For readers who might be wondering about what kind of system I am using to do my listening, I should probably point out that I do a LOT of music listening and employ a variety of means to do so in a variety of environments, as I would imagine many music lovers also do. Starting at the more grandiose end of the scale, the system in which I do my most serious listening comprises an Arcam CDS50 CSD/SACD CD player, Goldpoint SA4 Passive Preamp, Legacy Audio PowerBloc2 amplifier, and a pair of Legacy Audio Focus SE loudspeakers. I also do a lot of listening while driving in my 2016 Acura RDX with its nice-sounding ELS Studio sound system through which I play CDs (the ones I especially like I rip to the Acura's hard drive so that I can listen to them whenever I want) or stream music through the system using my cell phone. For more casual listening at home when I am not in my listening room, I often stream music through the phone into a Vizio soundbar system that has remarkably nice sound for such a diminutive physical presence. And finally, at the least grandiose end of the scale, I have an Ultimate Ears Wonderboom Bluetooth speaker for those occasions where I am somewhere by myself without a sound system but in desperate need of a musical fix. I just can't imagine life without music and I am humbly grateful for the technology that enables us to enjoy it in so many wonderful ways.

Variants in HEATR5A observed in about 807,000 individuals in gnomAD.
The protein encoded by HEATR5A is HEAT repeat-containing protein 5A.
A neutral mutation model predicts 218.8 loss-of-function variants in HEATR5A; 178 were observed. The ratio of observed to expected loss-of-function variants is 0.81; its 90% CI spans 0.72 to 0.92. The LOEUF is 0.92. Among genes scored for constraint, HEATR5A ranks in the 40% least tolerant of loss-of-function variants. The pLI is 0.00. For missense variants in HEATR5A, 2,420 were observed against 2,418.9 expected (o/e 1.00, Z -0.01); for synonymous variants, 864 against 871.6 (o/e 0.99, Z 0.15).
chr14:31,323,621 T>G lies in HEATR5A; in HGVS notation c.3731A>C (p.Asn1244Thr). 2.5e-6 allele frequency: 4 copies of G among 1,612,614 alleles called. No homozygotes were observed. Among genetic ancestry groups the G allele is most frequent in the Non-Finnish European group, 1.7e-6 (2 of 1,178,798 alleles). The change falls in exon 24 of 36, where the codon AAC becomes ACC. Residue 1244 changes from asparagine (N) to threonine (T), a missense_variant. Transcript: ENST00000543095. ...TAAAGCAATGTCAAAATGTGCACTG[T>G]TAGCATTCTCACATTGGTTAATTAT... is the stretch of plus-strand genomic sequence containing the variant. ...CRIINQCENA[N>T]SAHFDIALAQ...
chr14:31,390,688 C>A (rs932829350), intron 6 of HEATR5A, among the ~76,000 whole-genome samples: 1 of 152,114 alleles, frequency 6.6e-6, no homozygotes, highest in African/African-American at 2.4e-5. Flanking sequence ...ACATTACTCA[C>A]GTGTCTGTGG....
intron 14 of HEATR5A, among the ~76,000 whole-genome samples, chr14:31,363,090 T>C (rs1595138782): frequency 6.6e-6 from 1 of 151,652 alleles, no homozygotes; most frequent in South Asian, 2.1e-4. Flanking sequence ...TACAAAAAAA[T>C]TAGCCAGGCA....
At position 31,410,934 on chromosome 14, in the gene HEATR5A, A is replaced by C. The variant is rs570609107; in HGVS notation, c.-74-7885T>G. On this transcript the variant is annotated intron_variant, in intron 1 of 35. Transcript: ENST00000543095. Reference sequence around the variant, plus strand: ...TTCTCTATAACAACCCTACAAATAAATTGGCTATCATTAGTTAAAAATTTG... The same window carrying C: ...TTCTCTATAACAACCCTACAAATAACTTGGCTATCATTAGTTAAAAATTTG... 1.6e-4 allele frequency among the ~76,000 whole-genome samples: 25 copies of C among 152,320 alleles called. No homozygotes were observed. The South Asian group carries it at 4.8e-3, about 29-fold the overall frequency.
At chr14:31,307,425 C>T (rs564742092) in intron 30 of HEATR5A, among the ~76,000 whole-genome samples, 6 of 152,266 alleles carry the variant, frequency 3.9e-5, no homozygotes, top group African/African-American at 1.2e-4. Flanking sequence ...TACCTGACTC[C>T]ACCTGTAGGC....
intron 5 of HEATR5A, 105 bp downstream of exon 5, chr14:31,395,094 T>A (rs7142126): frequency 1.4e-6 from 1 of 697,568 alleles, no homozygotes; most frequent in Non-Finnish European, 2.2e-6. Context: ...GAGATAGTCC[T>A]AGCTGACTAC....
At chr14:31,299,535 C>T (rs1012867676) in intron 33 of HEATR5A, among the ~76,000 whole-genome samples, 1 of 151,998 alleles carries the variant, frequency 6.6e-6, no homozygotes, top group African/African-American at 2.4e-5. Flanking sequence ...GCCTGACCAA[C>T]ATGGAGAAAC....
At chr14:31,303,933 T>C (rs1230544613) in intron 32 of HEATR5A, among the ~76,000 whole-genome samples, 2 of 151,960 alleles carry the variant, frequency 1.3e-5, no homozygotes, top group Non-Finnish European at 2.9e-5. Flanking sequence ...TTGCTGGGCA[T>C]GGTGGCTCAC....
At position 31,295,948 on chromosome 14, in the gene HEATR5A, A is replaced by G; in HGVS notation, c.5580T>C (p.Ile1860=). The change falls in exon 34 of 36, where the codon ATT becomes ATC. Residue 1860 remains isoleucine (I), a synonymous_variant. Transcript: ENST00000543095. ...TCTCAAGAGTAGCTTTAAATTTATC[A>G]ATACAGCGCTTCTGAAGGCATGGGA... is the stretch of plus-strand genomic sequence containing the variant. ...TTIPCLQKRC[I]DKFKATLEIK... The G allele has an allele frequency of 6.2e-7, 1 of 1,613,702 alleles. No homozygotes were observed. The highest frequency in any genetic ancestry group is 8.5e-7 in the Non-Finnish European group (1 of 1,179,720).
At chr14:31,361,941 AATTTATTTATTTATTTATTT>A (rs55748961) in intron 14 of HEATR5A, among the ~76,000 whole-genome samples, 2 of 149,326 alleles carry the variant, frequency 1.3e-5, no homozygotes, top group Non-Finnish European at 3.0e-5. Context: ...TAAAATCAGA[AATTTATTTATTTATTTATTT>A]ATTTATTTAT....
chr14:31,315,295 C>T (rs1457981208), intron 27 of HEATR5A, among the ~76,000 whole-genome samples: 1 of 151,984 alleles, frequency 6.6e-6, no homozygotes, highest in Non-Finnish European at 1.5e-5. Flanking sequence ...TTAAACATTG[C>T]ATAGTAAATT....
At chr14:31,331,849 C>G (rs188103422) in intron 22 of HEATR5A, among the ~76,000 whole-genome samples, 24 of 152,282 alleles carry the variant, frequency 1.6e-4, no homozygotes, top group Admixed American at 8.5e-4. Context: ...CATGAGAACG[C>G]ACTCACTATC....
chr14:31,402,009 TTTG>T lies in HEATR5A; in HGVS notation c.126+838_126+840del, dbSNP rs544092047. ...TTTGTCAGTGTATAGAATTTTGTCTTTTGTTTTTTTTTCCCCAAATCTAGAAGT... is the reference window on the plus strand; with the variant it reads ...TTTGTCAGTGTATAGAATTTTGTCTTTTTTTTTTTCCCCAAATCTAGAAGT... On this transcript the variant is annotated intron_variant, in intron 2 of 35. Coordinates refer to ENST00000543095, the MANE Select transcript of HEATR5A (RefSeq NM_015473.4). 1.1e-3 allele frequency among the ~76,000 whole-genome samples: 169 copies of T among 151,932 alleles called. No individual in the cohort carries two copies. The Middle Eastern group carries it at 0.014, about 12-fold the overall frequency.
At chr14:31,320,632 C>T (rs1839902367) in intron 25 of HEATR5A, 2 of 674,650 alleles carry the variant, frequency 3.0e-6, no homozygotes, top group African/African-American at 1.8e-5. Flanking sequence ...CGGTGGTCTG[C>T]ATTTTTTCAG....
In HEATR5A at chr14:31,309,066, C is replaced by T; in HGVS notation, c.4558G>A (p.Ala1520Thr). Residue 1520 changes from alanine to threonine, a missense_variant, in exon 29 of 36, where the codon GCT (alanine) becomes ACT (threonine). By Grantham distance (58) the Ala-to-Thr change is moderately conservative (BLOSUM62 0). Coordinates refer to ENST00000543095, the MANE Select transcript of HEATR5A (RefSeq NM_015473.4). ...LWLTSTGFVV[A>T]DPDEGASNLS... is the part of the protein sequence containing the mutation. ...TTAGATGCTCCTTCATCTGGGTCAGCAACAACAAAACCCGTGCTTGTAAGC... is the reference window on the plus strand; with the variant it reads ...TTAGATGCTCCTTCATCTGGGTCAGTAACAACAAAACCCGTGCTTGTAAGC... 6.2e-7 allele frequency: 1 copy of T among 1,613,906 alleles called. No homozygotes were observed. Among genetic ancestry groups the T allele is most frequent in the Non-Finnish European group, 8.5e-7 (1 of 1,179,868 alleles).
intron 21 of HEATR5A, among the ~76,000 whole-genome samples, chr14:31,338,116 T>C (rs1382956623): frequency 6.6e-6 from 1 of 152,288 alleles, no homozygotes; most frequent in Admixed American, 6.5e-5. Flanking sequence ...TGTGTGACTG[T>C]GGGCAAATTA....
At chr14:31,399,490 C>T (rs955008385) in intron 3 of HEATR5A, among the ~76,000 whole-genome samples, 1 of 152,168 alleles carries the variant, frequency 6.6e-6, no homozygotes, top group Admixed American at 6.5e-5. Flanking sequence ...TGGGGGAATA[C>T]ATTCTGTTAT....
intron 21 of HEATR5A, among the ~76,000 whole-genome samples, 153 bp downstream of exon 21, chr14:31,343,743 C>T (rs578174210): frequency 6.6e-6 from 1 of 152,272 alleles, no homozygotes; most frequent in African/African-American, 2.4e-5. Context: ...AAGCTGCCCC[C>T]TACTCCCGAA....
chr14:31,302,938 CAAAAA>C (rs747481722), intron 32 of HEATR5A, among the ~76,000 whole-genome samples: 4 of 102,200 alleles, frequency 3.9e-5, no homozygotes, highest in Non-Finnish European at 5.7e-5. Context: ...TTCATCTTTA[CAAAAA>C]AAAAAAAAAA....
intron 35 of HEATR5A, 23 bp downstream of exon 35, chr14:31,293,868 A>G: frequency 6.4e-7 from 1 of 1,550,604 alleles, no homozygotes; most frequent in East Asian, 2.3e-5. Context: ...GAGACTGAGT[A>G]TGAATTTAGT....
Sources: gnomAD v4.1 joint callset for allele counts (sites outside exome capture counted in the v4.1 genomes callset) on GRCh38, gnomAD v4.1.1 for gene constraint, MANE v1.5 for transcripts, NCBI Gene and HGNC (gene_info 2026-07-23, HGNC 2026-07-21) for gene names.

Bryan Geyer, Technical Analyst

I initially embraced classical music in 1954 when I mistuned my car radio and heard the Heifetz recording of Mendelssohn's Violin Concerto. That inspired me to board the new "hi-fi" DIY bandwagon. In 1957 I joined one of the pioneer semiconductor makers and spent the next 32 years marketing transistors and microcircuits to military contractors. Home audio DIY projects remained a personal passion until 1989 when we created our own new photography equipment company. I later (2012) revived my interest in two channel audio when we "downsized" our life and determined that mini-monitors + paired subwoofers were a great way to mate fine music with the space constraints of condo living.